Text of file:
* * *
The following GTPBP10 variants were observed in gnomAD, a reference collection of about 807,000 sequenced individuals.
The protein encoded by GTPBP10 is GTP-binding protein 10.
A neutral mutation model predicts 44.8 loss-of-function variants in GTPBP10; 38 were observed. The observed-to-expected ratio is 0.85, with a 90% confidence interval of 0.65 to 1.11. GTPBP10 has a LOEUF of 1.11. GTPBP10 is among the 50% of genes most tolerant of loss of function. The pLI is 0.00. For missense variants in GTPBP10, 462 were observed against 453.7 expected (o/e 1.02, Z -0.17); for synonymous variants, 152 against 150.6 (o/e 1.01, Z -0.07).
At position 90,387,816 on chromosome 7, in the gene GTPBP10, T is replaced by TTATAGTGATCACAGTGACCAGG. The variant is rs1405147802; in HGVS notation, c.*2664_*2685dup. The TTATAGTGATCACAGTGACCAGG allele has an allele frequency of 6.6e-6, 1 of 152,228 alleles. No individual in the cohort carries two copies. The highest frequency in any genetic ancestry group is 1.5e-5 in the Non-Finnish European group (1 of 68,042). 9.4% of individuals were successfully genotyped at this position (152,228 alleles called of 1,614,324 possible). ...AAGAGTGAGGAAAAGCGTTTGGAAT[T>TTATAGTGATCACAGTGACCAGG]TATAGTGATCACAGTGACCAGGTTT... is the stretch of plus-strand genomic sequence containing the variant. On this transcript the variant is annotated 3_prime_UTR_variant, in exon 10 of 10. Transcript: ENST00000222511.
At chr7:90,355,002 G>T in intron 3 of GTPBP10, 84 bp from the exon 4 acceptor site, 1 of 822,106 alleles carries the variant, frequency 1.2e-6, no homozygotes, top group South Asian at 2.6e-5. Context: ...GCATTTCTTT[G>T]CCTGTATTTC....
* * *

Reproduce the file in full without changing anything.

The following GTPBP10 variants were observed in gnomAD, a reference collection of about 807,000 sequenced individuals.
The protein encoded by GTPBP10 is GTP-binding protein 10.
A neutral mutation model predicts 44.8 loss-of-function variants in GTPBP10; 38 were observed. The observed-to-expected ratio is 0.85, with a 90% confidence interval of 0.65 to 1.11. GTPBP10 has a LOEUF of 1.11. GTPBP10 is among the 50% of genes most tolerant of loss of function. The pLI is 0.00. For missense variants in GTPBP10, 462 were observed against 453.7 expected (o/e 1.02, Z -0.17); for synonymous variants, 152 against 150.6 (o/e 1.01, Z -0.07).
At position 90,387,816 on chromosome 7, in the gene GTPBP10, T is replaced by TTATAGTGATCACAGTGACCAGG. The variant is rs1405147802; in HGVS notation, c.*2664_*2685dup. The TTATAGTGATCACAGTGACCAGG allele has an allele frequency of 6.6e-6, 1 of 152,228 alleles. No individual in the cohort carries two copies. The highest frequency in any genetic ancestry group is 1.5e-5 in the Non-Finnish European group (1 of 68,042). 9.4% of individuals were successfully genotyped at this position (152,228 alleles called of 1,614,324 possible). ...AAGAGTGAGGAAAAGCGTTTGGAAT[T>TTATAGTGATCACAGTGACCAGG]TATAGTGATCACAGTGACCAGGTTT... is the stretch of plus-strand genomic sequence containing the variant. On this transcript the variant is annotated 3_prime_UTR_variant, in exon 10 of 10. Transcript: ENST00000222511.
At chr7:90,355,002 G>T in intron 3 of GTPBP10, 84 bp from the exon 4 acceptor site, 1 of 822,106 alleles carries the variant, frequency 1.2e-6, no homozygotes, top group South Asian at 2.6e-5. Context: ...GCATTTCTTT[G>T]CCTGTATTTC....